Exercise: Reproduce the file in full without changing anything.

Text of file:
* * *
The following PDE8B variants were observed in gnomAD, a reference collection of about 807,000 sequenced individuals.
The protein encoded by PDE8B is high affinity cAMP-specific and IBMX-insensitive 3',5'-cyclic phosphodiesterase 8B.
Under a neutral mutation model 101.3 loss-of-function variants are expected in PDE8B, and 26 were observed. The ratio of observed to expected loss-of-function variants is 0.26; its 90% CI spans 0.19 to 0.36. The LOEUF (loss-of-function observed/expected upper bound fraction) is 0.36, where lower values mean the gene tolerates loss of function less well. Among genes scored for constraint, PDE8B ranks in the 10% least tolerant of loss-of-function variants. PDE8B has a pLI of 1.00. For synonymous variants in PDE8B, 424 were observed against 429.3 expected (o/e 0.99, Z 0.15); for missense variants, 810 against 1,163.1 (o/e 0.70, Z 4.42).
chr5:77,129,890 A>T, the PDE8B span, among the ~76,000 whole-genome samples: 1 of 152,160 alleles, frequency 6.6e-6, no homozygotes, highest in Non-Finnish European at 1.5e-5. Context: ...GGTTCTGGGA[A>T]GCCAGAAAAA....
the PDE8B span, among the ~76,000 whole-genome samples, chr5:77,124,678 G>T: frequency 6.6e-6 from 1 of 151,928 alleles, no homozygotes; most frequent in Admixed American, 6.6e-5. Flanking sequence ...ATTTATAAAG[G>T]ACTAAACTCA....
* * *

The following PDE8B variants were observed in gnomAD, a reference collection of about 807,000 sequenced individuals.
The protein encoded by PDE8B is high affinity cAMP-specific and IBMX-insensitive 3',5'-cyclic phosphodiesterase 8B.
Under a neutral mutation model 101.3 loss-of-function variants are expected in PDE8B, and 26 were observed. The ratio of observed to expected loss-of-function variants is 0.26; its 90% CI spans 0.19 to 0.36. The LOEUF (loss-of-function observed/expected upper bound fraction) is 0.36, where lower values mean the gene tolerates loss of function less well. Among genes scored for constraint, PDE8B ranks in the 10% least tolerant of loss-of-function variants. PDE8B has a pLI of 1.00. For synonymous variants in PDE8B, 424 were observed against 429.3 expected (o/e 0.99, Z 0.15); for missense variants, 810 against 1,163.1 (o/e 0.70, Z 4.42).
chr5:77,129,890 A>T, the PDE8B span, among the ~76,000 whole-genome samples: 1 of 152,160 alleles, frequency 6.6e-6, no homozygotes, highest in Non-Finnish European at 1.5e-5. Context: ...GGTTCTGGGA[A>T]GCCAGAAAAA....
the PDE8B span, among the ~76,000 whole-genome samples, chr5:77,124,678 G>T: frequency 6.6e-6 from 1 of 151,928 alleles, no homozygotes; most frequent in Admixed American, 6.6e-5. Flanking sequence ...ATTTATAAAG[G>T]ACTAAACTCA....